Are you familiar with your music data analytics?
Ever wonder how musicians can leverage big data to achieve exposure and become discovered online?
Oil was once the world’s most valuable asset — but today, many experts say oil has taken a back seat and is being replaced with data.
Through the apps we use and the sites we frequent, this claim is justified by the role data plays in all of our lives.
Apple, Google, and Facebook are some of the few major players in the data industry that create products we all rely on daily and are therefore controlling the majority of the world’s data flow — this large volume of data is known as big data.
This may be a confusing concept to grasp, especially for someone who specializes in creating music and not analyzing data.
But no matter what industry you work in, it is so important to understand how data is used — this article will explain everything in a way that is easy to digest, so you have the power to use data in ways to connect with your existing fans and find new ones.
What Is In This Guide
Out with the old, in with the new
Two decades ago, the world was a very different place. Cell Phones were only used to talk and text, WiFi was not widely-used, and information was stored on floppy disks or USB drives.
Now, most data is stored in the cloud — a method used by most of the world’s population, but fully understood by few — which is an example of how the world has evolved alongside technological advancements.
Before the prevalence of the internet or big data, musicians achieved exposure by holding events in venues, investing in extravagant promotional campaigns, achieving radio deals with their label, hiring a PR and/or communications manager, and purchasing television ads.
Record labels still turn to these approaches to gain the attention of an audience and catapult their artists to stardom.
Some of the biggest names in music such as The Beatles, Whitney Houston, David Bowie, Britney Spears, and Queen rose to popularity because of these promotional campaigns, and are still relevant to this day.
However, these methods were not as viable for the everyday artist who didn’t have the backing of a label.
Music Industry Evolution
As the music industry evolved alongside the digital revolution, with streaming replacing physical CDs, a reckoning took place which dated these expensive promotional practices.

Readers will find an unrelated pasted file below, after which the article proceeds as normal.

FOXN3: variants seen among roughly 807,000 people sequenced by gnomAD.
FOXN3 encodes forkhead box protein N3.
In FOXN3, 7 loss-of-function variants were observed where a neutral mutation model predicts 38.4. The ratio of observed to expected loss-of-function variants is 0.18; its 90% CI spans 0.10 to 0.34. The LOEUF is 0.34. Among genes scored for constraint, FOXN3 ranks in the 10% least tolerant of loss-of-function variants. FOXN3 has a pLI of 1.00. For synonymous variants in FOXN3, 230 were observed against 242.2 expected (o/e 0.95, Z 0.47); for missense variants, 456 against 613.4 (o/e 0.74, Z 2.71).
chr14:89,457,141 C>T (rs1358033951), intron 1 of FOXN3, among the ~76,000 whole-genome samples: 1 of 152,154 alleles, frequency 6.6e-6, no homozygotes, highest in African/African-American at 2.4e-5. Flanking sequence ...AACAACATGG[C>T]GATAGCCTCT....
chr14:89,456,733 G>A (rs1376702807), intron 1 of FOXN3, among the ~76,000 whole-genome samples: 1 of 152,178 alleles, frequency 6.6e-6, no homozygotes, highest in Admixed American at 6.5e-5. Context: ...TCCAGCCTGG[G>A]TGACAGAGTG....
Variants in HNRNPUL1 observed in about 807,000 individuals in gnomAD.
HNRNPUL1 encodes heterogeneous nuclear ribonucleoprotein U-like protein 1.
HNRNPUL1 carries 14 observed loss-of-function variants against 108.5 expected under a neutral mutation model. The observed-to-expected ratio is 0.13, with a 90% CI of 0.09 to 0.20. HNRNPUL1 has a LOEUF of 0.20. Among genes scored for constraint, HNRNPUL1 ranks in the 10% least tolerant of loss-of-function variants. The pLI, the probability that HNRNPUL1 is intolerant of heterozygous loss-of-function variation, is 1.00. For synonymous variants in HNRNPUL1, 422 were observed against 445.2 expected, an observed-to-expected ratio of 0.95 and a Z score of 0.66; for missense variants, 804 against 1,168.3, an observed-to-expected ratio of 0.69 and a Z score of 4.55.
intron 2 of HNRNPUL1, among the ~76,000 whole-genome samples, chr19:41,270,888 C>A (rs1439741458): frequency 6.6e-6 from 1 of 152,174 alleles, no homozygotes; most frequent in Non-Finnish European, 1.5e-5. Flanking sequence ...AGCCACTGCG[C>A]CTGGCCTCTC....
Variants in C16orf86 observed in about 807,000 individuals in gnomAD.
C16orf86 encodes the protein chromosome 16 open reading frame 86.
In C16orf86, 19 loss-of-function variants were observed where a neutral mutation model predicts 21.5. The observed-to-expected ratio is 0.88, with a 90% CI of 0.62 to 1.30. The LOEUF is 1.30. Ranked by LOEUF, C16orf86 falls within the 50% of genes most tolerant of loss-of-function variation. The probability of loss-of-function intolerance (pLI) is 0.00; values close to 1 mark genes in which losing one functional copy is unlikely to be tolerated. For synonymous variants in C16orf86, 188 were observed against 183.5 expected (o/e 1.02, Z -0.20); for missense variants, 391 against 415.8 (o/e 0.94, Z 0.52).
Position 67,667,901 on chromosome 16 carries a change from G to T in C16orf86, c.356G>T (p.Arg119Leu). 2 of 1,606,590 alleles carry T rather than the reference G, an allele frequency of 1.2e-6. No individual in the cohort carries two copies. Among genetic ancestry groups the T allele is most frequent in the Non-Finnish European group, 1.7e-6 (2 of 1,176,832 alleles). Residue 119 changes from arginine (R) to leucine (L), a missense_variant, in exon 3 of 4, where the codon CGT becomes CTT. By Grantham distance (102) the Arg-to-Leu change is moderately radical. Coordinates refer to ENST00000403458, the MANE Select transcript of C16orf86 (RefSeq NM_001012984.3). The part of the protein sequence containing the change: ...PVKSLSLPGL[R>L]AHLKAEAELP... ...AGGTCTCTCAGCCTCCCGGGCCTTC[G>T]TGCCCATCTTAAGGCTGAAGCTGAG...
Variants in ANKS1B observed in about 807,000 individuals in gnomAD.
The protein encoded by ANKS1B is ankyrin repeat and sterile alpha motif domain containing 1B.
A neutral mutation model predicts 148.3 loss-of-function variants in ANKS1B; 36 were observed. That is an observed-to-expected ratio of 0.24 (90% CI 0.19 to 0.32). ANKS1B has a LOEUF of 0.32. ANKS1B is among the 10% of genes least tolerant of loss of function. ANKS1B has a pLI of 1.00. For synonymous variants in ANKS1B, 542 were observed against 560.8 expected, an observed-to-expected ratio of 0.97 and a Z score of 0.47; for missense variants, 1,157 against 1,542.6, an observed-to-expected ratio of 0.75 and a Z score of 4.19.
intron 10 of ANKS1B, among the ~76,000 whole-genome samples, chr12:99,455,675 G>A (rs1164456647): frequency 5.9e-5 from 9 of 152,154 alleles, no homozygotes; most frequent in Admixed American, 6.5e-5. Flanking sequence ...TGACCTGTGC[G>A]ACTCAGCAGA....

As the world learned to understand the power of the internet and big data, musicians — whether they were independent or with a label — realized that they have access to the same tools and data, and eventually lead to the democratization of the music industry and the prevalence of musicians choosing to go independent.
Along with other technological advancements, big data is to thank for the introduction of many different genres. Alongside the invention of applications that allowed musicians to create innovative sounds through new forms of music production and gave way to more accessible ways for musicians to share their music with the world.
So while an artist’s goal may have once been to sign to a record label to achieve wealth and fame, resources such as digital marketing have made it possible for musicians to climb the charts and reach higher levels of success independently.
Data — the world’s most valuable asset
Through the apps you use, the stores you purchase from, and the websites you visit — your data is collected and can be used in ways without your knowledge.
Through various ways in the physical and digital world, you are leaving a digital footprint that benefits both companies and advertisers by giving them the ability to structure an idea of your interests and habits online.
The prevalence of big data companies like Facebook (that owns Instagram), Amazon (that owns Twitch), and Google (that owns YouTube), is changing the way we look at the world and is part of the reason why data has become this planet’s most valuable asset.
Every time a song is streamed on Spotify, a video is watched on YouTube, or a post is liked on Instagram, that data makes up one of the millions of bits of data that are collected by record labels and musicians every single minute.
Over time, this data can be analyzed and used by the music industry to understand an artists’ existing audience and find ways to attract new fans. This has been made possible due to big data companies that have control over this flow of data, and the strategic ways they have sold access to its users’ data that powers digital marketing.